In rural America, most boys have a place of their own—a clearing deep in the woods, a long-lost trail, some disused shack on the back acres of someone else's property. Before young love or organized sports become a big thing, kids will just hop on their bikes and go until they find that perfect spot where nobody else would ever go.
For Ellis (Tye Sheridan) and his friend Neckbone (Jacob Lofland), that place of their own is a bit farther flung. Ellis lives on a houseboat along the banks of the Mississippi River, and he and Neckbone walk through the woods, climb in a motorboat and chart a course downriver for about 45 minutes until they arrive at their destination. There, on an isolated sandbar, is a boat stuck in a tree. Their very own treehouse, courtesy of the last flood that ripped through the area.
The one problem for Ellis and Neckbone: Someone else was there first. His name, or as much as he'll allow, is Mud (Matthew McConaughey). When he meets the boys, he plays it straight: I'm waiting for someone here, can't really leave, and I'd love some food. Ellis is instantly drawn in. His parents have told him they're separating. Suddenly devoid of anything to believe in, Ellis latches onto the new, mysterious stranger.
The beauty of Mud is revealed in layers, like the sediment plume of the Big Muddy itself. There isn't one particular thing that stands head and shoulders above everything else in this film; it all slowly and convincingly works together. Director Jeff Nichols downplays his foreshadowing to the point that, when there is a payoff, you almost forget he dropped a bread crumb an hour earlier. Perhaps most important, Nichols keeps his story small, simple and in front of him at all times; it's never larger or more ornate than what we see out of eastern Arkansas on the screen.
Mud is an unusual character. He speaks like a mystic one minute and a street-wise hustler the next. He is clearly in need, though, and he and Ellis form a bond of trust that, while rare, is so evenly written that it never feels forced on us or phony. Mud's trouble, Ellis discovers, is both legal and moral. He killed a man in Texas who had beaten up Juniper (Reese Witherspoon). This is nothing new; he and Juniper have that dangerous kind of love that never resolves peacefully but also never goes away. What's different this time is the hired assassins brought into town by the victim's father to deliver cold justice.
McConaughey has been on an absolute tear of late. Nobody else gave three great performances in 2012, and Mud crystalizes where McConaughey is now. He's found great character roles and has resisted the fluff. Two of his next three projects are movies for Martin Scorsese and Christopher Nolan. It doesn't seem as though he's changed that much; it's probably just a diet of better scripts and patience. But Mud takes the edge off McConaughey's sinister twist in Killer Joe and finds room for his natural likability. Like most leading men who can never truly be character actors, McConaughey has had to mature to reach this point somewhere between the two categories, and it's serving him well.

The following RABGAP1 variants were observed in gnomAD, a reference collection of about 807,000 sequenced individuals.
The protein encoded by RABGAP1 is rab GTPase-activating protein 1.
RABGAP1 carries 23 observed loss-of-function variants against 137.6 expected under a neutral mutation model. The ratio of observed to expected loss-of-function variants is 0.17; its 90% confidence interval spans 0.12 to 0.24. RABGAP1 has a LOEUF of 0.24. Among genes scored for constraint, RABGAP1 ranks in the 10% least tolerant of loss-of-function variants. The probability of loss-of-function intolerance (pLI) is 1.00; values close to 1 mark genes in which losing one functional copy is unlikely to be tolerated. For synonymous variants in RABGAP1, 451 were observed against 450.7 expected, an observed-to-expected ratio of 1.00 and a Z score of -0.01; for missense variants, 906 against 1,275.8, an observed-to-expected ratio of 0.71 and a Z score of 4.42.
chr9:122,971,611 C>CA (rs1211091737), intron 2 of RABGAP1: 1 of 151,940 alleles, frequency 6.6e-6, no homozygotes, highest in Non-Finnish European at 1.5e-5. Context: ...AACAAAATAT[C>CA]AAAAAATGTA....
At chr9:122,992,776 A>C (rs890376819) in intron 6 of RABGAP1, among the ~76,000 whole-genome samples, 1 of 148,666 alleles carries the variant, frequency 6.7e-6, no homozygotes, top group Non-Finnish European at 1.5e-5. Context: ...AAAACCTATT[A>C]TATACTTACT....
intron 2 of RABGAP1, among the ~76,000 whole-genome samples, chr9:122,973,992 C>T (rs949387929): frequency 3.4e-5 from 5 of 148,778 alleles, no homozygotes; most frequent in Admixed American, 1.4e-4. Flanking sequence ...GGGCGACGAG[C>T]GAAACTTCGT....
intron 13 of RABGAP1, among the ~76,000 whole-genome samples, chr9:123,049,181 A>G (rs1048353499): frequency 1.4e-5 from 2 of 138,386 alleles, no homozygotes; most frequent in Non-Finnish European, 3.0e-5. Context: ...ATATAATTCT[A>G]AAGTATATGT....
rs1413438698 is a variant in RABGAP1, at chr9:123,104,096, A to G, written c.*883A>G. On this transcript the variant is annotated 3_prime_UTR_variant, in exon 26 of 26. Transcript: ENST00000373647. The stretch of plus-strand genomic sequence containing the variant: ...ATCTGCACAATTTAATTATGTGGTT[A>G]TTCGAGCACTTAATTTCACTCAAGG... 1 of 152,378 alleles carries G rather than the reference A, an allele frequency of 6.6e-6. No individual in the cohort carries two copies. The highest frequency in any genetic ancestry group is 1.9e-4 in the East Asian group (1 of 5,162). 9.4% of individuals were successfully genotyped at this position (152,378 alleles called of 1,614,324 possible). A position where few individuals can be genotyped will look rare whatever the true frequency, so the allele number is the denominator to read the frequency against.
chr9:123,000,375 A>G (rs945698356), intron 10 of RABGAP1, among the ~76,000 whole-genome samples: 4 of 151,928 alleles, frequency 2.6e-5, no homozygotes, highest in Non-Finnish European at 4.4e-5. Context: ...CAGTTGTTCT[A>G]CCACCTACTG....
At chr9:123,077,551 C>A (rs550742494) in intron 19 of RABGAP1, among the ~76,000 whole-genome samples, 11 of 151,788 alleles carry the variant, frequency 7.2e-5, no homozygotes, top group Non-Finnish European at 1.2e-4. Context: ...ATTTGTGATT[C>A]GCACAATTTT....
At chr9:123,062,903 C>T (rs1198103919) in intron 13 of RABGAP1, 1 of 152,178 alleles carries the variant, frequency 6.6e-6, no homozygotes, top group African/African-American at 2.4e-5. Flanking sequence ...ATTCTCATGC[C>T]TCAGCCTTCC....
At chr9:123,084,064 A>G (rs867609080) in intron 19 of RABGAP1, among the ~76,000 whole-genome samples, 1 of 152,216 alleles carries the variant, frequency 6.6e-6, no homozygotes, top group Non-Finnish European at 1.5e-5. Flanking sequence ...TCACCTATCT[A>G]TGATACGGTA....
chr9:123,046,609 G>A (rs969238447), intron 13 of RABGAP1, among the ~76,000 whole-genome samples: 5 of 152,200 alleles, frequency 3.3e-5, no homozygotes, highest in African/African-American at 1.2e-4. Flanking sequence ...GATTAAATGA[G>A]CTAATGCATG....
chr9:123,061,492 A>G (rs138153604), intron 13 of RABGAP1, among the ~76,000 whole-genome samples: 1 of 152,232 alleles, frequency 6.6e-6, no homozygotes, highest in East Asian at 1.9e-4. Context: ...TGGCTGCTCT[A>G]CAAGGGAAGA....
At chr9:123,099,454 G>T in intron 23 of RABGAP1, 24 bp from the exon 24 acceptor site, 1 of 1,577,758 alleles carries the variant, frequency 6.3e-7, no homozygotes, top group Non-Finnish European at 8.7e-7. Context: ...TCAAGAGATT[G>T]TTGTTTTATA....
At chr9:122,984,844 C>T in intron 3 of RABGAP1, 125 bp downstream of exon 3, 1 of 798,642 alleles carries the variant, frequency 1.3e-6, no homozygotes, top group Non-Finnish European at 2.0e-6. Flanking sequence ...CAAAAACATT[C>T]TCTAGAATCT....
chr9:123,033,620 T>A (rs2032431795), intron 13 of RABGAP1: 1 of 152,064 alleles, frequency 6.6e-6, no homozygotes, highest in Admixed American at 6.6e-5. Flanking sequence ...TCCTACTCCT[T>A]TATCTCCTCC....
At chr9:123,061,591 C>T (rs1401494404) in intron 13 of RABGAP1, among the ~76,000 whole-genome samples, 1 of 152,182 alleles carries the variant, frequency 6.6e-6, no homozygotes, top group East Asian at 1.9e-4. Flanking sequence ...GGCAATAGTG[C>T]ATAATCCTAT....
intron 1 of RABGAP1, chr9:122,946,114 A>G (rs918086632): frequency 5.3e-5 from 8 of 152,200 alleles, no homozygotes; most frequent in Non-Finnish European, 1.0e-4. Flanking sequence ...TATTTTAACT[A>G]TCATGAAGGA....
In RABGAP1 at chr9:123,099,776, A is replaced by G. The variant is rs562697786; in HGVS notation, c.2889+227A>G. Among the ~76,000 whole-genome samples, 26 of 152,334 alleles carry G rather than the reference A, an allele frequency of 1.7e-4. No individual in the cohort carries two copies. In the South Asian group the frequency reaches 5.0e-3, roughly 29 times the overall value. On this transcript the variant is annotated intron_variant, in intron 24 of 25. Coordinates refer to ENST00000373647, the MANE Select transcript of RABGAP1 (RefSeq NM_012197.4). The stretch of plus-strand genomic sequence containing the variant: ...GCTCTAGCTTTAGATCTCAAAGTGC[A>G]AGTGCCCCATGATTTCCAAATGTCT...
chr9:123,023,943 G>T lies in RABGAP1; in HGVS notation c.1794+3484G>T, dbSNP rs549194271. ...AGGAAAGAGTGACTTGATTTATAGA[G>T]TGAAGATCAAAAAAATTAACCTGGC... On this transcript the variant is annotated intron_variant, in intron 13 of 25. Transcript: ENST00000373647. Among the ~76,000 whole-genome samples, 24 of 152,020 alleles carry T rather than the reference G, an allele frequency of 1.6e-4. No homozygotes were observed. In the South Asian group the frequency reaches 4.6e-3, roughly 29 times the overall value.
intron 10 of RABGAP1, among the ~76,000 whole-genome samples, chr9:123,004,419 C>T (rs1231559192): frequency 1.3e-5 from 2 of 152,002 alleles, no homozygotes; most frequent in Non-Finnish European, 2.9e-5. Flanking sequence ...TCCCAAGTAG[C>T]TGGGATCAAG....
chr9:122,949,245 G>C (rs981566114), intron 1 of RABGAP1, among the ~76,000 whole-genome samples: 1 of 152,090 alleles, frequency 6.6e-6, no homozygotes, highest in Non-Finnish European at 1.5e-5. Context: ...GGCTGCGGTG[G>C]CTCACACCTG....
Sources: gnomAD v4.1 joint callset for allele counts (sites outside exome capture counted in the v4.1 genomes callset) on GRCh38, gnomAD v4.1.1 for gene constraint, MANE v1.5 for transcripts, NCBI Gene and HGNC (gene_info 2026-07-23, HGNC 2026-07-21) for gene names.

Tye Sheridan has already appeared in one heavily regaled movie, and while it's like comparing apples to dog races to put this film side by side with Terrence Malick's Tree of Life, it says a great deal about a young actor that he can do both a traditional style of acting and Malick's approach of eavesdropping on philosophical improvisation so well.
Nichols, who has called Mark Twain the greatest American writer who ever lived when being forced to admit the influence of The Adventures of Tom Sawyer on this film, has written sterling characters in seedy situations. Ellis is a young man of action, asking a high school girl on a date, punching boys a foot taller, addressing whatever elephant is in the room. He's always seeking something true, and it comes through without words, just in the way Sheridan has him react. His friend Neckbone is like everyone's first best friend. He begins each sentence with "Shit," and "Son of a bitch" is his only expression of amazement, because he's just learned how to cuss for effect. But he's actually more cautious than Ellis and takes the long view, which provides a nice balance.
Sheridan leaned on Michael Shannon in his first two films, Shotgun Stories and 2011's terrific Take Shelter. He has a smaller role here, but his scenes—like those featuring Witherspoon and Sam Shepard—serve Ellis' journey, not the actor reciting the dialogue. Somewhat ironically, they call these filmmakers "actor's directors." Sheridan is one of those artists even big stars want to work with because he makes an investment in what he gets out of the performer and not what he puts into them.
The impact of Mud is not sudden or cathartic. But give it a couple days and see how clear all of it remains in your mind. This one's a keeper.